HUNT, Joseph (?1762-1816), of Lee, Kent.
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Family and Education
bap. ?4 Jan. 1762, 1st s. of Edward Hunt, surveyor of the navy 1778-86, of Portsea, Hants and Blackheath, Kent by his w. (d. 13 July 1804). educ. Winchester 1773-7. m. 9 Apr. 1795, Catherine, da. of Sir John Davie, 7th Bt., of Creedy, Devon, 1s. at least, 1da. suc. fa. 1786.
Clerk to surveyors of navy Aug. 1779-June 1780; private sec. to Sir Samuel Hood* 1781-2, to 2nd Earl of Chatham 1788; receiver of the sixpenny office, Greenwich Hosp. Sept. 1789-Dec. 1790, dir. Greenwich Hosp. 1791-1810; commr. victualling office Dec. 1790-Oct. 1798, transport office Nov. 1798-May 1802; clerk of deliveries, Ordnance May 1802-3, treasurer 1803-Feb. 1806, Apr. 1807-Jan. 1810.
The above identification of the parentage of this Member is provisional. He acted as private secretary to the 2nd Earl of Chatham at the Admiralty, which introduced him to a succession of administrative offices.1 At the victualling board he was the projector of beech casks instead of oak; at the transport office he dealt with prisoners of war. In 1802 he transferred to the Ordnance under Chatham and became treasurer until the advent of the Grenville ministry. He showed an interest in coming into Parliament for Barnstaple in 1804.2 On his reappointment as treasurer he came in for Queenborough on the Ordnance interest. He gave a silent support to administration.
In January 1810 Hunt resigned his office under a cloud. The twelfth report of the commissioners of inquiry covering his office revealed, 27 Feb., that his conduct had been most irregular. He was meanwhile quoted as declaring ‘that not a shilling had ever been taken by him on his own account—from whence it is imagined that Lord Chatham is not free from the matter’. Hunt’s exposure gave some breathing space to his Queenborough colleague, John Charles Villiers*, who was in a similar plight as paymaster of marines. During his first tenure of office, Hunt had given no securities for 18 months and left a deficit of £11,000; during his second tenure he had given no securities at all and left a deficit of £93,296.3 This ‘peculiar indulgence’ of the Ordnance towards him led to six resolutions by Calcraft against the Ordnance board, 12 Apr.: they should have taken sureties for £10,000 from Hunt. In reply Ashley Cooper blamed ‘inferior officers’ [i.e. the secretary Crewe] and promised to bring in a bill to prevent a recurrence of this situation (an ‘embezzlement bill’ was later passed). Though the House accepted Calcraft’s resolutions in principle, they refused by 54 votes to 18 to censure the board.4 In the meantime, efforts to summon Hunt to the House had failed because he was nowhere to be found, and when Calcraft moved his expulsion on 23 May on grounds of embezzling public funds (Perceval preferred the word ‘misapplying’), he read a letter he had received from Hunt, who was in Lisbon. It expressed ‘concern’ and ‘astonishment’ at the situation and denied that the deficit could be so great, or the commissioners’ evidence reliable. Hunt regretted that he had ‘imprudently withdrawn’, which he ‘inadvertently did from the prejudice excited’ against him, and promised to return to answer for himself as soon as his health was restored. Calcraft claimed that from the evidence of a ‘respectable relation’ of his, Hunt enjoyed good health. He was expelled nem con.5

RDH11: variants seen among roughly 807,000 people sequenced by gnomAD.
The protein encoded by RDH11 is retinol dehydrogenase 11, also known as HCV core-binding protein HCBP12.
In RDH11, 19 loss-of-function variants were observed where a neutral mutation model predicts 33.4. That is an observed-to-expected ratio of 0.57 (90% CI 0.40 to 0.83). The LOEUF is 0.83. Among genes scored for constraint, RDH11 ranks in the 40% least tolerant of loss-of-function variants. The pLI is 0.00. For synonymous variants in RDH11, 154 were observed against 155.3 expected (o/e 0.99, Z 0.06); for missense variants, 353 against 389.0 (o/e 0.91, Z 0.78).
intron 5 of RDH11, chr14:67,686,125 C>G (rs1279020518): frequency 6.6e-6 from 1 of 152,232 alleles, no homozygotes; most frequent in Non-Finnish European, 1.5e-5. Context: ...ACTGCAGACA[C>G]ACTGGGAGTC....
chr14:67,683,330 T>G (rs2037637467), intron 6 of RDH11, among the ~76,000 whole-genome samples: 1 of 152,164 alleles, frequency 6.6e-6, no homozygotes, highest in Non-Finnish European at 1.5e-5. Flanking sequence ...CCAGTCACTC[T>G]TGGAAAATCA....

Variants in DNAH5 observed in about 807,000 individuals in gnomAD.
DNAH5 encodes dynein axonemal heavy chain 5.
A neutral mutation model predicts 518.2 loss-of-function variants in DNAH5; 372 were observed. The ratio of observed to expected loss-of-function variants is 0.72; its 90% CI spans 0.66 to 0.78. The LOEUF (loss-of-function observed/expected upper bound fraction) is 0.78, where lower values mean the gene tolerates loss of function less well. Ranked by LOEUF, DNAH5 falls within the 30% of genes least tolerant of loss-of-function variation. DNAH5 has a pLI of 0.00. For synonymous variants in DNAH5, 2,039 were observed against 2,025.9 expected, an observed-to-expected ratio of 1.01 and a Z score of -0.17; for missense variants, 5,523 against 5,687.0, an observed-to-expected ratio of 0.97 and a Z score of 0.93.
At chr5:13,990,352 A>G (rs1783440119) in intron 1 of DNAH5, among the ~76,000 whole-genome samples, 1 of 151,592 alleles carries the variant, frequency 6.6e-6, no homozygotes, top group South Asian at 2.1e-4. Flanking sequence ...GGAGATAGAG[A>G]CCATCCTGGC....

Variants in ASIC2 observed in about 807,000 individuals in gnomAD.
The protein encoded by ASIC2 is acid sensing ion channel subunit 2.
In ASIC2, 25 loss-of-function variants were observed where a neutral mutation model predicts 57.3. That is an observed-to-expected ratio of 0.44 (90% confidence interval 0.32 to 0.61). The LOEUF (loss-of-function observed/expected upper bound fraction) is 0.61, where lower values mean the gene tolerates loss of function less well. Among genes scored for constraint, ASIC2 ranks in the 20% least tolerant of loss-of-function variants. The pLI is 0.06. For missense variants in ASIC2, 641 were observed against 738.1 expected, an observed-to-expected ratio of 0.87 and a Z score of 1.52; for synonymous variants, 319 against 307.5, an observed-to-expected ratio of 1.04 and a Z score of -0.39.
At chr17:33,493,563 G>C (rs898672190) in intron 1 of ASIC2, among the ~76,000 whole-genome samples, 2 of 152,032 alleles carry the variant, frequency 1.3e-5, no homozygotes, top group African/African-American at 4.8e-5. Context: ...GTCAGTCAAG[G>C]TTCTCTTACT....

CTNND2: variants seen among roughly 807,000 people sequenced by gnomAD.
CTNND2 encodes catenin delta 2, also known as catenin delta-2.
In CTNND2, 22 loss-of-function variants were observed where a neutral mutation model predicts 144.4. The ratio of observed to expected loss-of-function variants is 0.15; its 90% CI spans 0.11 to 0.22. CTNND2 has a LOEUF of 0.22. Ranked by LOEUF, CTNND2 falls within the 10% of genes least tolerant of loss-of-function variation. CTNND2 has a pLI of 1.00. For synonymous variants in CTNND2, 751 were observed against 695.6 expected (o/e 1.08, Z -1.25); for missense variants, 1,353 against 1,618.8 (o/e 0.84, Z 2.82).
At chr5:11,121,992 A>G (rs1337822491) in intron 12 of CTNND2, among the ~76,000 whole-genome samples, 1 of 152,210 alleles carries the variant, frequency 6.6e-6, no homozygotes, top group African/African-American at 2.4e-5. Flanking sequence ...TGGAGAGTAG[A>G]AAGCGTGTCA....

He had purchased and improved a residence at Lee and this was seized and sold by the Ordnance. He apparently died in France, 10 Jan. 1816.6
Ref Volumes: 1790-1820
Author: R. G. Thorne
- 1. Morning Chron. 30 Jan. 1810; Add. 35395, f. 193.
- 2. PRO 30/8/123, f. 84; Geo. III Corresp. iii. 1826; Bristol Jnl. 4 Aug. 1804.
- 3. Gent. Mag. (1810), i. 276; Pol. Reg. 17 Feb. 1810; Add. 48227, f. 175; CJ, lxv. 110, 123, 135, 249, 280.
- 4. Parl. Deb. xvi. 450, 637-48.
- 5. CJ, lxv. 295, 398; Parl. Deb. xvii. 169-70.
- 6. Hart, Lee, 11-12; Gent. Mag. (1816), i. 380; Burke PB (1959) Davie.